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Comments on David Lewis:'Finkish dispositions'

In Howard Sankey (ed.), Causation and Laws of Nature. Kluwer Academic Publishers. pp. 157--159 (1999)

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  1. In Defence of Causal Bases.Jan Hauska - 2008 - Australasian Journal of Philosophy 86 (1):23 – 43.
    C. B. Martin's finkish cases raise one of the most serious objections to conditional analyses of dispositions. David Lewis's reformed analysis is widely considered the most promising response to the objection. Despite its sophistication, however, the reformed analysis still provokes questions concerning its ability to handle finkish cases. They focus on the applicability of the analysis to 'baseless' dispositions. After sketching Martin's objection and the reformed analysis, I argue that all dispositions have causal bases which the analysis can unproblematically invoke.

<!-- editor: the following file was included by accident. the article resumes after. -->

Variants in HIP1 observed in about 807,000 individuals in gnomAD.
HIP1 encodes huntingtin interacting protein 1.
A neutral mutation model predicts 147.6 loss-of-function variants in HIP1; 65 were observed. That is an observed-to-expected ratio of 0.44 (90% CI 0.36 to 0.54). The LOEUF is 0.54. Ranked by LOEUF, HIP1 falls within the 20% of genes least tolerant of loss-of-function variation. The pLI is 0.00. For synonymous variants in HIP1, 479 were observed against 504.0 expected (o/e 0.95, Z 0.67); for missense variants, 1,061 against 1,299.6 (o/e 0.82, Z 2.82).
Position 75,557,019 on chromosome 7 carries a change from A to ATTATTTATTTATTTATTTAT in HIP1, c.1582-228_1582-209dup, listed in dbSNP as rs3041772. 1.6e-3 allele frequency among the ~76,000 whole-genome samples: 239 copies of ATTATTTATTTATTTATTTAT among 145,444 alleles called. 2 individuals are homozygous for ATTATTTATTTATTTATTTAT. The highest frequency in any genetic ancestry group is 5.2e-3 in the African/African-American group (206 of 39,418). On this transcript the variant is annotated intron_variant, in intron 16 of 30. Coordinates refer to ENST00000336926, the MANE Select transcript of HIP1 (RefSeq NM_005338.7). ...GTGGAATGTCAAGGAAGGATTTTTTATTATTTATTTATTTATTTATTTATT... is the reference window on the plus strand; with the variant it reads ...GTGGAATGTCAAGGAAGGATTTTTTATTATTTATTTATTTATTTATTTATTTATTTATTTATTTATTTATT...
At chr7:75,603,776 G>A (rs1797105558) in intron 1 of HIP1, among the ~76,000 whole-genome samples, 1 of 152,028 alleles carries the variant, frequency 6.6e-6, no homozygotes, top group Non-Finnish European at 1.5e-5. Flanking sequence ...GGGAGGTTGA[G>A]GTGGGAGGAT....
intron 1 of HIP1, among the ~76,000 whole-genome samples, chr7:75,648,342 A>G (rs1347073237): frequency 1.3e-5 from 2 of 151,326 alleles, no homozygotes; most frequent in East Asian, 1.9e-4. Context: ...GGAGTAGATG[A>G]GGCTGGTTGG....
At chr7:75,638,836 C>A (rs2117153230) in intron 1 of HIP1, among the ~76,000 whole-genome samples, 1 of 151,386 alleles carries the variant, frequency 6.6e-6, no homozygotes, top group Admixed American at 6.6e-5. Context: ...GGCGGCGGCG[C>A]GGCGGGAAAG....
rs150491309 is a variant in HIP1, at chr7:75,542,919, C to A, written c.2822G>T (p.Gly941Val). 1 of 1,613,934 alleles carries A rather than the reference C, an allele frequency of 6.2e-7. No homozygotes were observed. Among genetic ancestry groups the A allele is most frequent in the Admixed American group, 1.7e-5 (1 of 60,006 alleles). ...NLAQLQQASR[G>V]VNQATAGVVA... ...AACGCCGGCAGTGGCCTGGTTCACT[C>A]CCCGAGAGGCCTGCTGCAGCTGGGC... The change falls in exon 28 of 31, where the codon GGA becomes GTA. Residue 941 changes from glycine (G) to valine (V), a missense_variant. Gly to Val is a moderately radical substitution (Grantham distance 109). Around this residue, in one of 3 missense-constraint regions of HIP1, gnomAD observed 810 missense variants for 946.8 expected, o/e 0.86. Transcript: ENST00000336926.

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  • Dispositions and Normal Conditions.Jan Hauska - 2008 - Philosophical Studies 139 (2):219 - 232.
    It is agreed on all hands that the original version of the conditional analysis of dispositions is defeated by so-called finks and maskers. Some have responded to this predicament by contending that the counterfactual on the right-hand side of the analysis should be expected to hold only when the property it purports to describe is in normal conditions. The essay argues that at the end of the day this idea must presuppose that one is able to arrive at specific descriptions (...)
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